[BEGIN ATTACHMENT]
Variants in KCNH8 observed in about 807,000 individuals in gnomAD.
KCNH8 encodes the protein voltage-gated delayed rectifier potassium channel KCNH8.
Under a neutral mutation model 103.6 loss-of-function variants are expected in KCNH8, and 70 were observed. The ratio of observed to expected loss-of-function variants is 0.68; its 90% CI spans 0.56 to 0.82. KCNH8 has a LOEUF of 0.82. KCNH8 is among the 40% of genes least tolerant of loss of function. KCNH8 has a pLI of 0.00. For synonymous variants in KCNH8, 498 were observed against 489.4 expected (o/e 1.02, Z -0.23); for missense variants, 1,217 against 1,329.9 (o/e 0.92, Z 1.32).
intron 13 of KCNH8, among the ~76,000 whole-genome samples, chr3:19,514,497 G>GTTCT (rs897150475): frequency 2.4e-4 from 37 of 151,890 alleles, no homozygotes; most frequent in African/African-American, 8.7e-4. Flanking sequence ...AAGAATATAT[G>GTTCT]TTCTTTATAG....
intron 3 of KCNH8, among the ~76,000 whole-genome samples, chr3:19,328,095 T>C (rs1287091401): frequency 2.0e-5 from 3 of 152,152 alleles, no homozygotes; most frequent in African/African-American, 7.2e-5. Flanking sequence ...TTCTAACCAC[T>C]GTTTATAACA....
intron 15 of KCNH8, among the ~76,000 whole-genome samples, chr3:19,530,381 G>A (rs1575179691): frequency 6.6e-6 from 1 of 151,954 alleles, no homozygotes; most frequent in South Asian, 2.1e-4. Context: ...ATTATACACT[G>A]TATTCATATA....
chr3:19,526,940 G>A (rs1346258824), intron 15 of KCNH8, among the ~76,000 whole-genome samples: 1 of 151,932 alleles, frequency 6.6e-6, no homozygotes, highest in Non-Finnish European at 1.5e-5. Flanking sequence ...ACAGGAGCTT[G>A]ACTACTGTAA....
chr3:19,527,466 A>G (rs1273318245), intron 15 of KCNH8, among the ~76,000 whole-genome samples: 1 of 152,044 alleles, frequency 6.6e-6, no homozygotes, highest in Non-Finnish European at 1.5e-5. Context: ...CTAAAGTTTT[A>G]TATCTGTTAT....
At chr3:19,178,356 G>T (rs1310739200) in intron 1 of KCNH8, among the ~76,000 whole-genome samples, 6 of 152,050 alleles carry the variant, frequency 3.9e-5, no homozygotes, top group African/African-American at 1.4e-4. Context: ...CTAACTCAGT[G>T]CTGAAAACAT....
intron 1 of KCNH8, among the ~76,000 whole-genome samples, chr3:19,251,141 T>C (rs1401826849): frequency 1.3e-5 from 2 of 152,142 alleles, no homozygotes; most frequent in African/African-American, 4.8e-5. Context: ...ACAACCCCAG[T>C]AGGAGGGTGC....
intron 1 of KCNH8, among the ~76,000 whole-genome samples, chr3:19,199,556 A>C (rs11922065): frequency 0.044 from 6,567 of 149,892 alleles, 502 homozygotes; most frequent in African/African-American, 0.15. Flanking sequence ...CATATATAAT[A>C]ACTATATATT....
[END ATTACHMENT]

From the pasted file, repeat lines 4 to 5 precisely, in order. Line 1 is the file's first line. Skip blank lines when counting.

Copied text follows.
intron 13 of KCNH8, among the ~76,000 whole-genome samples, chr3:19,514,497 G>GTTCT (rs897150475): frequency 2.4e-4 from 37 of 151,890 alleles, no homozygotes; most frequent in African/African-American, 8.7e-4. Flanking sequence ...AAGAATATAT[G>GTTCT]TTCTTTATAG....
intron 3 of KCNH8, among the ~76,000 whole-genome samples, chr3:19,328,095 T>C (rs1287091401): frequency 2.0e-5 from 3 of 152,152 alleles, no homozygotes; most frequent in African/African-American, 7.2e-5. Flanking sequence ...TTCTAACCAC[T>C]GTTTATAACA....